The entrance to Udawalawe National Park is located near 11km post between Timbolketiya and Tanamanwila on Pelmadulla-Timbolketiya A18 road.

Dry Monsoon forest with an annual rainfall is about 1520mm has mean day & night temperature are 29 & 24 degrees centigrade respectively.

The park is situated just south of the Central Highlands, of which escarpment brings about an enrapturing backdrop. At the center of the park lies the Udawalawe Reservoir. Udawalawe National Park established in the year 1972, with the objective of protecting the catchment area of Udawalawe reservoir,which provides water for agriculture and hydro-power generation spreads over an area 30,821, resembles an African game park: it is mainly thorny-shrub jungle with grasslands.

While the remnants of the Teak plantations that were planted at the time of the construction of the Udawalawe Reservoir is scattered around, Kumbuk and the endemic Mandorang trees abound in the riverine areas.

Keeping company to the herds of elephants, the main attraction of the park are the Water Buffalo, Wildboar, Spotted Deer, Sambur Deer, Jackal, Samber, Black-naped hare, mongooses, bandicoots, foxes, s the endemic Toque Macaque and Gray Langers. Sighting a Leopard and other smaller cats like Fishing cat & Jungle cat would be a bonus.

Udawalawe is undoubtedly the best place in Sri Lanka to see wild Asian Elephants throughout the year: there are about 500 elephants in the park and they often roam in herds of up to 100. Udawalawe National Park is unique in terms of consistency in numbers of elephants roaming the park: it has no a seasonal variation in herds of elephants. The best hours to visit the park are in the mornings and evenings. Late evening also affords the photographic opportunities in the backdrop of loveliest sunsets.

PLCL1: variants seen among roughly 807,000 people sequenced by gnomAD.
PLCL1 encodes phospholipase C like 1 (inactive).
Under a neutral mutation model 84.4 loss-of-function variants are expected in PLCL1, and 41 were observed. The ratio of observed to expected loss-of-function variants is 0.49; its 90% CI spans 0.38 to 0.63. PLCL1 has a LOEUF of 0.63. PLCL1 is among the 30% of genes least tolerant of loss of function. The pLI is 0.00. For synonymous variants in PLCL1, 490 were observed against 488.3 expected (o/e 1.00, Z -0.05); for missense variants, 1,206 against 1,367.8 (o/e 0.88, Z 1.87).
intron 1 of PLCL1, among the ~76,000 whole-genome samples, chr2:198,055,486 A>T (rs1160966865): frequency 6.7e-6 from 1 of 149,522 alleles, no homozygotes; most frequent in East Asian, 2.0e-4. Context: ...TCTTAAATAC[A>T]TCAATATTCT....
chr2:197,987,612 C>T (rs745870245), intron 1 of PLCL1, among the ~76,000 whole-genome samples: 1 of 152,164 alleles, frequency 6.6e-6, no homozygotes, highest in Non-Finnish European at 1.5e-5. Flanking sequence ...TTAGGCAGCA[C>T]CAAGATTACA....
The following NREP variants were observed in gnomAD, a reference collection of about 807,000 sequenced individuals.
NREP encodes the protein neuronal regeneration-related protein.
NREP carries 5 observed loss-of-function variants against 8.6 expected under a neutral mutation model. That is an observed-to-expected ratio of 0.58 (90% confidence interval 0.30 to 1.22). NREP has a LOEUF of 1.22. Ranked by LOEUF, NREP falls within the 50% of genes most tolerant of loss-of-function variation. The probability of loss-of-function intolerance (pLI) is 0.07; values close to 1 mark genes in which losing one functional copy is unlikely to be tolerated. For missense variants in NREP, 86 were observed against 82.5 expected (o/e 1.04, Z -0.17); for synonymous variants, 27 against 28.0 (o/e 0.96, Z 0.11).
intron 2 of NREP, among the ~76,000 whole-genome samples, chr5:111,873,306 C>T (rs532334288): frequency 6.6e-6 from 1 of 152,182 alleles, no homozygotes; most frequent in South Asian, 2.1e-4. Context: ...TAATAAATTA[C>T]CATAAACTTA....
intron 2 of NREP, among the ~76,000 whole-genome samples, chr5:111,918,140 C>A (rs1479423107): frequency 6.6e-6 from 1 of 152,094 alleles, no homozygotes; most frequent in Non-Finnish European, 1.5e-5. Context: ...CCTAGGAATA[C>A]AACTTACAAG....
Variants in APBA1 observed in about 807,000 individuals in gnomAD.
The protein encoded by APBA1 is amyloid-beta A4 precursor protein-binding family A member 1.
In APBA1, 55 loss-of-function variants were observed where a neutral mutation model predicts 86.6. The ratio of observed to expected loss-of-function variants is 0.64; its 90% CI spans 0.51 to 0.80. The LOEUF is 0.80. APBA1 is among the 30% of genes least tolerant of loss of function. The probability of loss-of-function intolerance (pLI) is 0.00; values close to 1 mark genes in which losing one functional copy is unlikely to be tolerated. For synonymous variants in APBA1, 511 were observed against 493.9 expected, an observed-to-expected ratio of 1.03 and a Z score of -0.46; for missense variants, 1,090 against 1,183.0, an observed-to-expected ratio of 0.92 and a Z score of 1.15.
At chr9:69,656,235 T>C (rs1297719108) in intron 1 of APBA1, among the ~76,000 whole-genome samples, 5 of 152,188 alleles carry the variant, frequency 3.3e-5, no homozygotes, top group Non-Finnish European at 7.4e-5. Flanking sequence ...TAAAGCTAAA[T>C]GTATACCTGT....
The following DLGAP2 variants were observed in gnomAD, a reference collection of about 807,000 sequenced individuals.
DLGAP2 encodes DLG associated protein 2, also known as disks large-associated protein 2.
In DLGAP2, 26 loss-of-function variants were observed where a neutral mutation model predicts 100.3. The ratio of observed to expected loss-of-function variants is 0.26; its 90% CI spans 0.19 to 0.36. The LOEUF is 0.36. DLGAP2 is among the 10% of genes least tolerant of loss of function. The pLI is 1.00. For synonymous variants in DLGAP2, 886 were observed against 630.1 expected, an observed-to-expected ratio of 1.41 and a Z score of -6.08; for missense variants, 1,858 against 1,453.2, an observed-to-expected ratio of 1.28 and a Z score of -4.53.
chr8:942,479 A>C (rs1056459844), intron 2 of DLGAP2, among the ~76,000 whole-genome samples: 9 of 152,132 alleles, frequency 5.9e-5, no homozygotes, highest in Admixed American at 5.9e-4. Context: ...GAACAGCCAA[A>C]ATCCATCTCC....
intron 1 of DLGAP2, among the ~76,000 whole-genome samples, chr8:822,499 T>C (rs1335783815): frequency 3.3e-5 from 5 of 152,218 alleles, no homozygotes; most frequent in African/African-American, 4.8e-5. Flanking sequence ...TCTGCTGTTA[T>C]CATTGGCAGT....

Udawalawe is undoubtedly the best place in Sri Lanka to see wild Asian Elephants throughout the year: there are about 500 elephants in the park and they often roam in herds of up to 100. Udawalawe National Park is unique in terms of consistency in numbers of elephants roaming the park: it has no a seasonal variation in herds of elephants. The best hours to visit the park are in the mornings and evenings. Late evening also affords the photographic opportunities in the backdrop of loveliest sunsets.

The Udawalawe Elephant Transfer Home is an Elephant orphanage located within the Udawalawe National Park. Established in 1995 by the Department of wildlife Conservation, it is home to over 40 orphaned elephants. The orphaned calves and juveniles of the park are brought into the orphanage and raised with necessary care until such time as they could be released to their habitat. Once they are released to the park, the Park authorities take upon themselves to keep constant track of the beasts till they get used to the new life in the wild. As at the year 2008, no less than sixty-five elephants had been released to the jungle.

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